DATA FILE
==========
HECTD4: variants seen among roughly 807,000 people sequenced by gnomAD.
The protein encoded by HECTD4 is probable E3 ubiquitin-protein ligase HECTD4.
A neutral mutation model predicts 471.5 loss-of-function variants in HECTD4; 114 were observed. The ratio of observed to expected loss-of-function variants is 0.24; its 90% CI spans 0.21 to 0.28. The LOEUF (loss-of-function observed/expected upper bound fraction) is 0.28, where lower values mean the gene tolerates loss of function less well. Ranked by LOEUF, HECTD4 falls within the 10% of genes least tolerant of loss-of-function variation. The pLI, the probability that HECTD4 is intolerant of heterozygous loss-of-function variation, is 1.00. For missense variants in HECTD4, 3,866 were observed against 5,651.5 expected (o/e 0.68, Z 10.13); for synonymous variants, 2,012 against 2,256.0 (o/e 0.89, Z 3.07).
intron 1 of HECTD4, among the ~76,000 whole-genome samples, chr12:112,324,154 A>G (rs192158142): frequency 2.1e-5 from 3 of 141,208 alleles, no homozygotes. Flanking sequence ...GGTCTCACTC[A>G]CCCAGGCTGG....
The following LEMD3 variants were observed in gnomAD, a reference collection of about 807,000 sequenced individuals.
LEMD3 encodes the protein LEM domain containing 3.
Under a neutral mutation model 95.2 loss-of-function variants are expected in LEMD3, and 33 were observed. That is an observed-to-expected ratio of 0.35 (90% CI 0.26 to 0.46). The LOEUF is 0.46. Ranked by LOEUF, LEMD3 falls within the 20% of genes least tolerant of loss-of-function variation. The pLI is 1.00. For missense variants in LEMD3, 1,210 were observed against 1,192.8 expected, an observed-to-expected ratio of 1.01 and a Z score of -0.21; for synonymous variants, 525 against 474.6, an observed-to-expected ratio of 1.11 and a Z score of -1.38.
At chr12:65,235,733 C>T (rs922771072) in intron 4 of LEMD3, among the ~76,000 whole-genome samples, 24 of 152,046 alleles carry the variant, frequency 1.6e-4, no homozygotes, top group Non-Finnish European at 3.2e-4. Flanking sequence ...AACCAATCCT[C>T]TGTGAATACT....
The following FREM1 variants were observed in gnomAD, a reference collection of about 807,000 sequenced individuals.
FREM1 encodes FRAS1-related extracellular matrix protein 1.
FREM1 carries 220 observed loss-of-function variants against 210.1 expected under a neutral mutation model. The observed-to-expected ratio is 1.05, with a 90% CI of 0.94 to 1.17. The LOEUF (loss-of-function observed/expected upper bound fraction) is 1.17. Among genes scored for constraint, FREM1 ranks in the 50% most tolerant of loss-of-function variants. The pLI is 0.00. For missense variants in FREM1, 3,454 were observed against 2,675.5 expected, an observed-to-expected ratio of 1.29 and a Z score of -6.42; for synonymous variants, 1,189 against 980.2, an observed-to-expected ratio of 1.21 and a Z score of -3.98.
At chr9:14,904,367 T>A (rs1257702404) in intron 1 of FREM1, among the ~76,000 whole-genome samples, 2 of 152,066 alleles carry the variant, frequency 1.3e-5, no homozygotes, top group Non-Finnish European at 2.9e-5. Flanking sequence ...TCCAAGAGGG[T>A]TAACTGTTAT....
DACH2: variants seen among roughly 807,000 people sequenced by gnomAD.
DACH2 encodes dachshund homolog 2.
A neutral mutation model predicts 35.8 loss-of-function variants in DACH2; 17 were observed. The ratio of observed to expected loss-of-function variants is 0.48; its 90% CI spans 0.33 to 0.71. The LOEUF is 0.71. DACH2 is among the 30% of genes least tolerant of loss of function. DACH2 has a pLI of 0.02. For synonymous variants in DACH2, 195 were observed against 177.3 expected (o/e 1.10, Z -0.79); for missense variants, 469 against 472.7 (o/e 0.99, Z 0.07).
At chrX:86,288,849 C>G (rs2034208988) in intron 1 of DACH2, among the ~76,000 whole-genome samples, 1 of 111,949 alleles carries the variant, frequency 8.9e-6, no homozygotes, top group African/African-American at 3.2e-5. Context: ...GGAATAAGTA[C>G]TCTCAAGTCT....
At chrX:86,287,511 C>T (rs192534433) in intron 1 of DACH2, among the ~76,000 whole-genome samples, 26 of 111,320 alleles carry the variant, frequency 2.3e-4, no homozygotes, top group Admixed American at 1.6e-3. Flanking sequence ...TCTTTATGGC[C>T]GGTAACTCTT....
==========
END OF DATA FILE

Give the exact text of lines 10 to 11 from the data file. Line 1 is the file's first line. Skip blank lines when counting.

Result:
FREM1 encodes FRAS1-related extracellular matrix protein 1.
FREM1 carries 220 observed loss-of-function variants against 210.1 expected under a neutral mutation model. The observed-to-expected ratio is 1.05, with a 90% CI of 0.94 to 1.17. The LOEUF (loss-of-function observed/expected upper bound fraction) is 1.17. Among genes scored for constraint, FREM1 ranks in the 50% most tolerant of loss-of-function variants. The pLI is 0.00. For missense variants in FREM1, 3,454 were observed against 2,675.5 expected, an observed-to-expected ratio of 1.29 and a Z score of -6.42; for synonymous variants, 1,189 against 980.2, an observed-to-expected ratio of 1.21 and a Z score of -3.98.